September 2017

Back to Issue 2

Children in Square Hector Berlioz, Clichy Paris

By Jena Woodhouse

A bird I can’t identify – perhaps a raven

Francophone – marks the intervals of time

distinctly as a metronome.


Bundled in unwieldy jackets, children

chirp and run; they climb and slide, ride

painted steeds caparisoned in bright motifs

like chargers in a tournament at Carcassonne.


The only silent onlooker, a grey statue of Berlioz

depicted in an attitude of listening, looms paternal

and austere, his cloak a mite the worse for wear.


If he were to come to life, those features, serious,

intent, might register the sounds of children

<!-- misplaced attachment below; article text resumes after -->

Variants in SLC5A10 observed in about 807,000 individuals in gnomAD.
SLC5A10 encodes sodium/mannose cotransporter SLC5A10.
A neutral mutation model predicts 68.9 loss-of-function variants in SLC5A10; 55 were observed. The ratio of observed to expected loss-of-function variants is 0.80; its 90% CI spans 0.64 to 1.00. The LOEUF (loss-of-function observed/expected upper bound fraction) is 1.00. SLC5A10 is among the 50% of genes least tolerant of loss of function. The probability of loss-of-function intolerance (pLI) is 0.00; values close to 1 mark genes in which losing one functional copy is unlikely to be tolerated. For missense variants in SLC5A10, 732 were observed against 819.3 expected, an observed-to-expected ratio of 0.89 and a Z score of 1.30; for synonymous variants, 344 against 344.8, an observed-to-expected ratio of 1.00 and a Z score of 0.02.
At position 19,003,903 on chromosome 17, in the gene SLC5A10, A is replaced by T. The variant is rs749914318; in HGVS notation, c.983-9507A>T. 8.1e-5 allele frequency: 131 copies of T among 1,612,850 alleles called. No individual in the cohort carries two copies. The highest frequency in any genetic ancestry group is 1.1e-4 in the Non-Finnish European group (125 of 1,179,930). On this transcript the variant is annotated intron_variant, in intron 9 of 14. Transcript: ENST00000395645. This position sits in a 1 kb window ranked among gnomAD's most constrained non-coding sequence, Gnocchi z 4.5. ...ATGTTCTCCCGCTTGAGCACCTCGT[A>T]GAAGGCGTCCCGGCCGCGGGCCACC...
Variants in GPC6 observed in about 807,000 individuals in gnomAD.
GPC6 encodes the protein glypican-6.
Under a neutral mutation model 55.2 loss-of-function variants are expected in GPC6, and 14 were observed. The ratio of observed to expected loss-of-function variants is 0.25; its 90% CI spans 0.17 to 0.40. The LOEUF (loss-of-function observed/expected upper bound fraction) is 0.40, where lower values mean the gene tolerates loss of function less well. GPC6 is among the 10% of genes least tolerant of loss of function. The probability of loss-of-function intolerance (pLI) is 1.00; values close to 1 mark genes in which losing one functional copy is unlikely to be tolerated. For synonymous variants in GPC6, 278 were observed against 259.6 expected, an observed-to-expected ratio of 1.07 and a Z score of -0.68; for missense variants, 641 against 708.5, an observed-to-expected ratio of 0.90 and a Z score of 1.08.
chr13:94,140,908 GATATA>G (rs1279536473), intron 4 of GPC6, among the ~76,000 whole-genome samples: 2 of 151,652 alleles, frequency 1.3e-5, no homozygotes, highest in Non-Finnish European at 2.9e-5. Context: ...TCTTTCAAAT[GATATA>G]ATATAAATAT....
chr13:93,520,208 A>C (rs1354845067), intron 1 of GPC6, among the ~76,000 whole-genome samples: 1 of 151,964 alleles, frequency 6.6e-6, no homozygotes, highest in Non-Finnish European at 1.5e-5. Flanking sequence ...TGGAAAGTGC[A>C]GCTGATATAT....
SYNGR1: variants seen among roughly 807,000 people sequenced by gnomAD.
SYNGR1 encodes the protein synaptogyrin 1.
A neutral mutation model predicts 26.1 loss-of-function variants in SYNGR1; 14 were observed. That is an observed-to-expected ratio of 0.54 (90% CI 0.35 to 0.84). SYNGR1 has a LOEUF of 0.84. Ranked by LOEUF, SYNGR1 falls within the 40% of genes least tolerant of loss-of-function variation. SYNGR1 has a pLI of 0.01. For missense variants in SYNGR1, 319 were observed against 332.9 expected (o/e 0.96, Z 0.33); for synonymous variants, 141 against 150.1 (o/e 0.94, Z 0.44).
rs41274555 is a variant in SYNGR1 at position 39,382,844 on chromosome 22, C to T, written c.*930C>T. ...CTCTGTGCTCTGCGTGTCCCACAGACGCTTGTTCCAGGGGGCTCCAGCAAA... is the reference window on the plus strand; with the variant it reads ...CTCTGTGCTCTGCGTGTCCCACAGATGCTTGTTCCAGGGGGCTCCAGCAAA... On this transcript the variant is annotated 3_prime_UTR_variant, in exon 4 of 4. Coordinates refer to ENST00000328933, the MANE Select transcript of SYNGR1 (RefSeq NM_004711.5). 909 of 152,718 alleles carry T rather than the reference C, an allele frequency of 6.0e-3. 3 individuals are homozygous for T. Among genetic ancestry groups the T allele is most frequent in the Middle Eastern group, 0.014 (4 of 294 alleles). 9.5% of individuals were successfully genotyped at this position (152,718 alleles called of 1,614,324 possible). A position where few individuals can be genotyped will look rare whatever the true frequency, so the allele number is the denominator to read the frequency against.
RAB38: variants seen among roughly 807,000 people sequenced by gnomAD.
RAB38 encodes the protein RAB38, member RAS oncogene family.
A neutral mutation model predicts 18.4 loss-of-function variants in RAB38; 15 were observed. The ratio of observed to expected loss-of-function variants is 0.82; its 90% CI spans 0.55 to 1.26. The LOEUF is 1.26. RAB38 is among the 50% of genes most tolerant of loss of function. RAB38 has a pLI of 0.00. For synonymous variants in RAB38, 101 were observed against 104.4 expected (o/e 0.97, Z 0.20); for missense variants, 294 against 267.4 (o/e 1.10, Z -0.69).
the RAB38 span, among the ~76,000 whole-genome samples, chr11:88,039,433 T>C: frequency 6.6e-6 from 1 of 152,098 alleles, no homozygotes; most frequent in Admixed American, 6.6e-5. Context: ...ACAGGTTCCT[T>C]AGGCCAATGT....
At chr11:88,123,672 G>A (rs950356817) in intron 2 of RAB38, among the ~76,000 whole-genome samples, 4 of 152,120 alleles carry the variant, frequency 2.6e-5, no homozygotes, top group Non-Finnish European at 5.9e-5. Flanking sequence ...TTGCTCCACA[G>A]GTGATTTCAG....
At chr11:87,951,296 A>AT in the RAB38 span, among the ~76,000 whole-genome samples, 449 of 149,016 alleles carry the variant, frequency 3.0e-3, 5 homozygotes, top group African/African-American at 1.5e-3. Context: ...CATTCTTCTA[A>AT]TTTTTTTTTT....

playing without tears, their mothers’ morning

chatter, audible through grind and clash of gears

as garbage trucks reverse and brake outside the green

iron palisade, interspersed with vernal

cherry trees about to bloom.


One small boy, whose bonnet is a russet

foxy head with ears, holds three women hostage

with a tantrum they cannot appease.


Deaf to this cacophony, amplified by ruckus

from construction in full swing across the thoroughfare,

Berlioz looks on, impassive, lost in music

of the spheres, a stranger from another world

amid the babble of the square.